A Chinese woman has been charged with fraud after it was revealed that she was employed by 16 different companies at the same time, but she never really showed up for work at any of them.
The woman, identified as Guan Yue (pseudonym) by Chinese media, had reportedly been juggling over a dozen employers and collecting paychecks for at least three years, without actually getting any work done for any of them.
She and her husband, who is also a suspect in this case, allegedly kept a very tight record of employers, her exact role at each company, the date she had started working for each of them, and the bank account details provided for the woman’s monthly salary.
Guan Yue would constantly be looking for new employers, and when going to new job interviews, she would take photos and send them to current employers as proof that she was meeting with clients. Believe it or not, the fraud worked flawlessly for years, allowing Guan Yue to buy an expensive apartment in Shanghai.
Guan Yue was so busy in her constant search for corporate employment, that whenever she had multiple job interviews lined up at the same time, she would pass them on to other people, in exchange for commissions.
However, she did keep most of the jobs for herself, always finding other companies to work for whenever she got fired for lack of results.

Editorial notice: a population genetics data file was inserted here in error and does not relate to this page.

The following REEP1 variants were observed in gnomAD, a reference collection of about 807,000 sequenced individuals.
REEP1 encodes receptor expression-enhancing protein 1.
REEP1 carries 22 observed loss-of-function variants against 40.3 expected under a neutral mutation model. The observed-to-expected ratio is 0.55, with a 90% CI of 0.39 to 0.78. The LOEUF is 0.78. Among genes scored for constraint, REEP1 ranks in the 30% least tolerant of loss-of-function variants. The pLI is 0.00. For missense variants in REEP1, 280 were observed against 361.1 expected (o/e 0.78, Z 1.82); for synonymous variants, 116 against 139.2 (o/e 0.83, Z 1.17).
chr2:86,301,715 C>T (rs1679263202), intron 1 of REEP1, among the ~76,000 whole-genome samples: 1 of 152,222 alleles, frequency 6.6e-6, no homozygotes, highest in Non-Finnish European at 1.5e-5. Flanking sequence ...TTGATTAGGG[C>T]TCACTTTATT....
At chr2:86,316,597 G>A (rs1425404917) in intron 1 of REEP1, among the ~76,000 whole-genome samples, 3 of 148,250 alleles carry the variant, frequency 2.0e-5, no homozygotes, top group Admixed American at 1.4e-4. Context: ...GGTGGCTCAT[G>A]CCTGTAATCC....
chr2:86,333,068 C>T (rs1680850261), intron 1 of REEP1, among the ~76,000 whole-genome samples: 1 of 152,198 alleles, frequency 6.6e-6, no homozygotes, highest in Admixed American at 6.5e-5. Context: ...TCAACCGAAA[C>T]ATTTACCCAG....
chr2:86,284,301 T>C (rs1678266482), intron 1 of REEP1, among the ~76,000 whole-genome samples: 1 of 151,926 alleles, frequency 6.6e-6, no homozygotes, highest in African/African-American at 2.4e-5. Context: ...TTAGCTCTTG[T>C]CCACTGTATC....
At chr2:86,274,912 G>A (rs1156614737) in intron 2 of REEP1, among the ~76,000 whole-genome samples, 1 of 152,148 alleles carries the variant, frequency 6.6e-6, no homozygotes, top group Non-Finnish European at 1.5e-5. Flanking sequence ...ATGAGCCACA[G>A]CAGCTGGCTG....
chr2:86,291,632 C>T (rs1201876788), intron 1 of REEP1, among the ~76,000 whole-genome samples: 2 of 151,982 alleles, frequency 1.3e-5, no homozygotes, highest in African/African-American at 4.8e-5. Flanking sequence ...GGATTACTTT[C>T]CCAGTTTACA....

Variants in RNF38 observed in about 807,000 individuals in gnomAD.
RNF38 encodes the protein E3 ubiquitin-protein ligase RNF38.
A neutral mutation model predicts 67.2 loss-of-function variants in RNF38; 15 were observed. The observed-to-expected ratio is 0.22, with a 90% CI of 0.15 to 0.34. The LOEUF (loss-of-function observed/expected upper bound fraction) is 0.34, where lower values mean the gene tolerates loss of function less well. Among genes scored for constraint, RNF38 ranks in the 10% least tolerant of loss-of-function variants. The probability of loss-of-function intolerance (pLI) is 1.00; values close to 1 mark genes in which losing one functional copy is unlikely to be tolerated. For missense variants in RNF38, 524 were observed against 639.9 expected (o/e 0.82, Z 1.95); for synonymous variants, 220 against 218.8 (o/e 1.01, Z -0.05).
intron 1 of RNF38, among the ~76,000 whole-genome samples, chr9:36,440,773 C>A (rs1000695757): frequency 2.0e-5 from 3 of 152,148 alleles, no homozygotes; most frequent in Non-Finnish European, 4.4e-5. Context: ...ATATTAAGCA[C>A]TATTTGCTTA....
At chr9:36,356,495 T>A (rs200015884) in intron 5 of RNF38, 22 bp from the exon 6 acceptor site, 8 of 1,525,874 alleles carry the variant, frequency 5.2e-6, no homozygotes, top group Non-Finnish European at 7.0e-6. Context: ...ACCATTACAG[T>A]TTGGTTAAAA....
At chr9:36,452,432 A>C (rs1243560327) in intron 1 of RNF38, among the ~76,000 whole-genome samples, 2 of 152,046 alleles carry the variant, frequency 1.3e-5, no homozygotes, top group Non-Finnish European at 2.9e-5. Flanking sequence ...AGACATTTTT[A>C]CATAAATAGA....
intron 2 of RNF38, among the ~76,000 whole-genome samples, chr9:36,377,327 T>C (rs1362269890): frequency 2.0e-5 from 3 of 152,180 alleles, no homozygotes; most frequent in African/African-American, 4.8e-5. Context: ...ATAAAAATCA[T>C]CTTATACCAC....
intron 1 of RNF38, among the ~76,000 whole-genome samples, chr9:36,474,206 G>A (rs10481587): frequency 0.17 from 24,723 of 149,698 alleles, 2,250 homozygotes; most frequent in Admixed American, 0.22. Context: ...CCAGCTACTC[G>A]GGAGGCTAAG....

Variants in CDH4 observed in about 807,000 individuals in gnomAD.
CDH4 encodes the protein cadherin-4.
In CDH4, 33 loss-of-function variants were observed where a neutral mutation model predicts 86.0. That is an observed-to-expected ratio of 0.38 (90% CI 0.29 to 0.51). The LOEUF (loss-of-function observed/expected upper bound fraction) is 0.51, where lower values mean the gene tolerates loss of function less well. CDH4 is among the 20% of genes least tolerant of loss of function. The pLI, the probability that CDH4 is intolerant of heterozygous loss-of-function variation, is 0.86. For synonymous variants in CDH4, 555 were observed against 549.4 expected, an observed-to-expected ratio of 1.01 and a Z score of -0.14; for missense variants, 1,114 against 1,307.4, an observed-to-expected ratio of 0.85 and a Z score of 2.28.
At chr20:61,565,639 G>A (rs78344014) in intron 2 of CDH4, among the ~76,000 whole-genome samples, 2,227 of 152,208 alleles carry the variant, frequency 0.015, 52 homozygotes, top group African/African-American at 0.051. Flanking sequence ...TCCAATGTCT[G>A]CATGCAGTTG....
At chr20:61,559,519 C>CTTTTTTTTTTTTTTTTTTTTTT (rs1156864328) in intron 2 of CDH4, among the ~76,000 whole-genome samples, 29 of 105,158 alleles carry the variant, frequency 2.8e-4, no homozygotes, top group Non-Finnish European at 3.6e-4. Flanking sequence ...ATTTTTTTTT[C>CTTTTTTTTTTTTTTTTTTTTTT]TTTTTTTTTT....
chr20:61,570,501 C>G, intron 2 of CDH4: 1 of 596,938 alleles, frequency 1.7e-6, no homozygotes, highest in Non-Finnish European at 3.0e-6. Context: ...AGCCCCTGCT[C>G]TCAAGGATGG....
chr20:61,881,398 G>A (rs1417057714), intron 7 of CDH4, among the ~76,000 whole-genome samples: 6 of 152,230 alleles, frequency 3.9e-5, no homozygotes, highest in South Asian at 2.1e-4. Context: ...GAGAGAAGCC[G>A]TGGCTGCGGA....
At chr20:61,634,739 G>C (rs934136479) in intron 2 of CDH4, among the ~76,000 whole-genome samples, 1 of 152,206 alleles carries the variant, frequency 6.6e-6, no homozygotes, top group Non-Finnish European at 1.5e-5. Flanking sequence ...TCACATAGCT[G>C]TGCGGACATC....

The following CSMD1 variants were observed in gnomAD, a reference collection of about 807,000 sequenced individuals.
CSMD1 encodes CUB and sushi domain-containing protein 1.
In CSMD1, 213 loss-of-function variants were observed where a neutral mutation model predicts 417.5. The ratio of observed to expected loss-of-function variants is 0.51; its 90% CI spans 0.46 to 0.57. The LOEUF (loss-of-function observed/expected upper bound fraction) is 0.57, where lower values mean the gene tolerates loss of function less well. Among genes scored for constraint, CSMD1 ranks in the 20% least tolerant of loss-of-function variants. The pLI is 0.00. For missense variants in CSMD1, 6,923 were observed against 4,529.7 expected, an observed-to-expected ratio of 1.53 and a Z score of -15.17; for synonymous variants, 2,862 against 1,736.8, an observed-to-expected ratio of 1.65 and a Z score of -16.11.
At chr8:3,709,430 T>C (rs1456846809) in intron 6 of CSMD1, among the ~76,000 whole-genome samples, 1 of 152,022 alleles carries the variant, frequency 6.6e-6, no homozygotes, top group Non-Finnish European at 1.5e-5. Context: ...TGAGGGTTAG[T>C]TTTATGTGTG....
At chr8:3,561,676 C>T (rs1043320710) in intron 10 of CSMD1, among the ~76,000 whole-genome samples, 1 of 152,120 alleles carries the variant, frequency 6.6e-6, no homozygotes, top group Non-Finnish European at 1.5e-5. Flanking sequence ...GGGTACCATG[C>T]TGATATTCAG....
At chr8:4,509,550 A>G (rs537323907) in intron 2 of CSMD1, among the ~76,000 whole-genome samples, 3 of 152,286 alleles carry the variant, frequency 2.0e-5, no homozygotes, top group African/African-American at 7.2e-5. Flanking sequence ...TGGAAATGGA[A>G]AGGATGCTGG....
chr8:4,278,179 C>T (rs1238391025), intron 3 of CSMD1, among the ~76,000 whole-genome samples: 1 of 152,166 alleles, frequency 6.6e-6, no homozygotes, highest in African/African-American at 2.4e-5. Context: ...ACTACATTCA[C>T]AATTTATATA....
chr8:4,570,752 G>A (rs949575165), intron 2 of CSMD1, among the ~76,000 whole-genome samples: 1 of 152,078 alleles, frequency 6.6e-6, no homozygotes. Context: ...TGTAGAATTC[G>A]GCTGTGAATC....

Unfortunately, the fraudster’s scheme started falling apart this past January, when one of her former employers found a resignation letter from Guan Yue on an online work group.
Liu Jian, the owner of a tech company, had hired Yue and seven other associates in sales positions but fired them after a three-month probation period because they hadn’t generated a single sale.
Some time later, the woman made the mistake of sending her resignation letter to another company and several online work groups. Jian was a member of one of these groups and realized that Guan Yue had been working for another company while in a full-time position at his tech firm. After doing a bit of investigating himself, Liu Jian contacted the police about the former employee.
Liu Jian’s actions set in motion the exposure of a massive fraud that went back at least three years and exceeded 50 million yuan. Ironically, Guan Yue was arrested right in the middle of an interview for a new job. She had 16 jobs at the time of her arrest but wasn’t putting in any actual work for any of them.
She was getting monthly paychecks though, as well as commissions from associates she had helped get hired.
Yue, her husband, and more than 50 accomplices involved in the salary fraud were arrested. According to Chinese media, this kind of labor fraud is a massive problem in China, with hundreds of specialized groups reportedly taking on jobs from multiple employers. They are trained interviewees, have polished résumés, but are only interested in free paychecks.
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